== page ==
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February 3, 2003
Volume 81, Number 5
CENEAR 81 5 pp. 34
ISSN 0009-2347


CONNECTING CHEMISTS
ACS Office of International Activities aids in global interaction of the chemical world

SUSAN R. MORRISSEY, C&EN WASHINGTON

Ever wonder what the graduate requirements for chemical study in Brazil are? Planning an international trip and need visa information? Interested in finding information on chemically related activities going on in Africa? If you've answered yes to any or all of these questions, then the American Chemical Society's Office of International Activities (OIA) can help.

By providing information on international travel, different educational systems, and ongoing chemical activities around the globe, OIA is the heart of international relations for ACS. As part of the Education & International Division under the direction of Sylvia A. Ware, OIA was first organized on an experimental basis in 1976, was made a permanent part of ACS a year later, and has become a leading source for information about the international chemistry community.

"OIA is the 'go-to' group within ACS for producing new projects with chemical communities around the world," explains John M. Malin, assistant director of OIA. "The office has developed connections on behalf of ACS with sister societies and with academic and industrial communities comprising the world's chemically related activities," he says, jesting that his office is the State Department of ACS.

"The office has an astonishing knowledge of incredible things, such as the shape of the chemical enterprise in Africa, the equivalent of a bachelor's degree in Slovenia, and how to get a visa to visit Cuba," says William F. Carroll Jr., chair of the ACS International Activities Committee (IAC).

Perhaps OIA's best kept secret, according to Malin, "is that we have names and addresses of hundreds of chemical and related societies and other organizations worldwide. ACS members planning to visit overseas who are interested in those organizations can inquire with our office for information on how to make contact."

Getting to this information can be as simple as visiting OIA's website at http://chemistry.org/international. There, members can find helpful links such as a guide of programs and information about chemically related international exchange and education programs. The website provides resources on agencies and organizations worldwide that inform, fund, and sustain scientific collaboration and exchange.

Also available on the website is CHEMTRAV--a list of frequently asked questions regarding information on aspects of international travel. The list is the result of a joint effort of OIA and IAC. In addition to providing useful information about visa requirements and other resources of interest to all, Carroll notes, "CHEMTRAV is an especially helpful resource for ACS members who aren't in a company or university that provides that type of support."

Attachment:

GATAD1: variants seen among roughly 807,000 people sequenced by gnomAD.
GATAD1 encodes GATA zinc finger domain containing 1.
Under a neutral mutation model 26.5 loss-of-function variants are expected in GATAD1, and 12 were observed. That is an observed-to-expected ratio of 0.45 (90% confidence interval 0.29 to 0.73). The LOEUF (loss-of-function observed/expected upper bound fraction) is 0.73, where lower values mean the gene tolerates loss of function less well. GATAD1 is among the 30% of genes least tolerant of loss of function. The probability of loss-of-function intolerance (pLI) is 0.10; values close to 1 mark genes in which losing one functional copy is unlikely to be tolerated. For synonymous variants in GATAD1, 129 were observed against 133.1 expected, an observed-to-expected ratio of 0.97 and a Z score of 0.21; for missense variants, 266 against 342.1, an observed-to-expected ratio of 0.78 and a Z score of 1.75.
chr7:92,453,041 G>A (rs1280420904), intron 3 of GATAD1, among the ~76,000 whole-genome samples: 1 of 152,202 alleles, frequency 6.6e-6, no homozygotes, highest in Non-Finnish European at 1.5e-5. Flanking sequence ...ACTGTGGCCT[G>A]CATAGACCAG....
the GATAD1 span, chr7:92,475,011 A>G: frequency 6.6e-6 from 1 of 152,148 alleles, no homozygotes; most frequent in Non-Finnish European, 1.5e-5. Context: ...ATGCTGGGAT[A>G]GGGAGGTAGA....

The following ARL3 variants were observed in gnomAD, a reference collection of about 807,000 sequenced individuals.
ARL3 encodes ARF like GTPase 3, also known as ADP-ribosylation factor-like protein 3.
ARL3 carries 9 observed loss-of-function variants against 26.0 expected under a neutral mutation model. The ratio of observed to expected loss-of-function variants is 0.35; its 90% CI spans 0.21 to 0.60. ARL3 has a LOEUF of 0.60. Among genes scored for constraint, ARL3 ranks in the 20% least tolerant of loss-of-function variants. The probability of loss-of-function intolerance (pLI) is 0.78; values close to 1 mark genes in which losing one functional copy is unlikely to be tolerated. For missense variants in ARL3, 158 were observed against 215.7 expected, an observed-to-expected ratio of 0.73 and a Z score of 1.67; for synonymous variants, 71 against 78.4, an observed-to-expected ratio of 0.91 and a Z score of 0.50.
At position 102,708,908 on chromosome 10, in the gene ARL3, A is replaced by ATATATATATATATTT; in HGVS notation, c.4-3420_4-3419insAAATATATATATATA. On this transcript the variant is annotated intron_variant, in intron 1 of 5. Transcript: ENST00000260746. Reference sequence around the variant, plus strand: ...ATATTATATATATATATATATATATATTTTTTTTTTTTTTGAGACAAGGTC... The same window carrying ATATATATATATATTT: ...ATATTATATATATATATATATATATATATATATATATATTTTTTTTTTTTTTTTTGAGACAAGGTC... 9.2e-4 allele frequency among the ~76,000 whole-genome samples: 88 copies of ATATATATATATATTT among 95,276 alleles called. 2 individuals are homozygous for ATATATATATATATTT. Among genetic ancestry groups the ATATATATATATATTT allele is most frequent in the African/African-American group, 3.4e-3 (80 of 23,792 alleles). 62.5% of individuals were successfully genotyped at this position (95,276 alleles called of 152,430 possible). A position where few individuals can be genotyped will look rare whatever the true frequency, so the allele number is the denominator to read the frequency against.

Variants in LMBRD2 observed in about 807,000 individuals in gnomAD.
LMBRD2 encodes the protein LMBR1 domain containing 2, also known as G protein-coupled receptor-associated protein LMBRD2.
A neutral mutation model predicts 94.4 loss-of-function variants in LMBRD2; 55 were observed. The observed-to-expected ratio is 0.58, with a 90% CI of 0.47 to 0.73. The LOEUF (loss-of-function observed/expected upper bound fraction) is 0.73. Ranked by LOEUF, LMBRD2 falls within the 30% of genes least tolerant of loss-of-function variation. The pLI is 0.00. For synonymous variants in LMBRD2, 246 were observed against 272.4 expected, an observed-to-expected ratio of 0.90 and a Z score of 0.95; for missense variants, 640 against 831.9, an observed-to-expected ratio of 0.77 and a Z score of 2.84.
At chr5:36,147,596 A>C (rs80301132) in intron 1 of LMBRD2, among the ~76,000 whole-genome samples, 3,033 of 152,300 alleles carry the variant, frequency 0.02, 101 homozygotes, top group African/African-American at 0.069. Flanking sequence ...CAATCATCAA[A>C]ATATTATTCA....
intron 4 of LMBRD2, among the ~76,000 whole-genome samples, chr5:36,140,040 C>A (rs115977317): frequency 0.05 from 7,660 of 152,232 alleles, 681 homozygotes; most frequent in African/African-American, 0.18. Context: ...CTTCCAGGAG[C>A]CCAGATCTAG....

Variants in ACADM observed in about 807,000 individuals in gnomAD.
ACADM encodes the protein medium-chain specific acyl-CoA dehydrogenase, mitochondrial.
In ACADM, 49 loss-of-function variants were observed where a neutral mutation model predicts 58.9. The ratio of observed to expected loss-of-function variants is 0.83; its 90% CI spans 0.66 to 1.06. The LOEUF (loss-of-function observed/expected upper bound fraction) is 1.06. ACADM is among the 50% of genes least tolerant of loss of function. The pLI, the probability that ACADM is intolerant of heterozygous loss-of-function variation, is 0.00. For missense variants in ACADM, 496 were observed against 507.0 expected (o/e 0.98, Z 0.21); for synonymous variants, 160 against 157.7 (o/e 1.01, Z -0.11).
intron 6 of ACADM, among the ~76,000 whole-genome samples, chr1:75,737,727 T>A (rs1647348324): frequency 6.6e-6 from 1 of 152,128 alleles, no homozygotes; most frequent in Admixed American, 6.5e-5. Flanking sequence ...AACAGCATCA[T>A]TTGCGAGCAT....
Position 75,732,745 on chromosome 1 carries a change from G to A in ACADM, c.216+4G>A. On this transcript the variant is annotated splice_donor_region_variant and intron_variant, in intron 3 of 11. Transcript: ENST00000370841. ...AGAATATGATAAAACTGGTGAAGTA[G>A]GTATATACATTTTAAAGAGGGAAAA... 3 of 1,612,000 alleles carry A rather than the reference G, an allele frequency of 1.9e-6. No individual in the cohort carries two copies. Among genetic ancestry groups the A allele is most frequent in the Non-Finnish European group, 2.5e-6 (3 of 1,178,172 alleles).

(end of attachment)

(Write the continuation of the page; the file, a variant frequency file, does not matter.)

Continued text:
OIA has also compiled key information about the chemically related activities carried out by industry, academia, and government in Africa and Latin America. The goal of this initiative is to identify opportunities for scientists to interact and collaborate to advance the chemical field.

But OIA does more than just provide information; it administers several programs relating to international exchange of chemists and chemical information. ACS International Initiatives is one such program. Designed to encourage visits by chemical scientists to the U.S., the program provides partial funding for up to two visits to the U.S. per calender year from each of the 19 participating countries--which include Brazil, Costa Rica, Lithuania, and Poland. The program is credited with helping to establish professional contacts and collaborations between U.S. and participating country scientists.

  8105-0167

GLOBE-TROTTING Malin and ACS Board Chair Nina I. McClelland take time to visit the statue of Peter the Great during a trip to Moscow.

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PHOTO BY JOHN MALIN

COMMUNICATING Aron Kuppermann (left), Satinder Ahuja, and Henrique Toma discuss electrocatalysis at the University of São Paulo during an NSF-sponsored mission to Brazil.

PROJECT BOOKSHARE is also part of OIA. Launched in 1984, the program collects chemistry textbooks (not more than 10 years old) and journals that are then distributed to universities in developing countries, as well as small colleges within the U.S. Collected materials have been sent all over the U.S. and throughout Africa, Asia, Europe, and Latin America. In 2002, approximately 120 tons of donated material was shipped worldwide with the help of $30,000 in funding from the United Nations Educational, Scientific & Cultural Organization.

OIA also actively participates in several conferences. Along with IAC, OIA hosts a contingent of chemists from a country outside the U.S.--in 2002, 16 chemists from Southeast Asia and South Korea made the trip, and in 2003, the visiting group will be composed of about 16 chemists from China--to participate in the Pittsburgh Conference & Exposition on Analytical Chemistry & Applied Spectroscopy. OIA was also an active participant in the 25th Latin American Chemistry Congress in 2002 (C&EN, Oct. 14, 2002, page 54).

As 2003 begins, the hard-working staff of OIA is busy preparing for another year of supporting and encouraging international relations among chemists around the globe. The office will continue its central role in building international networks connecting ACS governance, members, and staff with chemical scientists and engineers worldwide.



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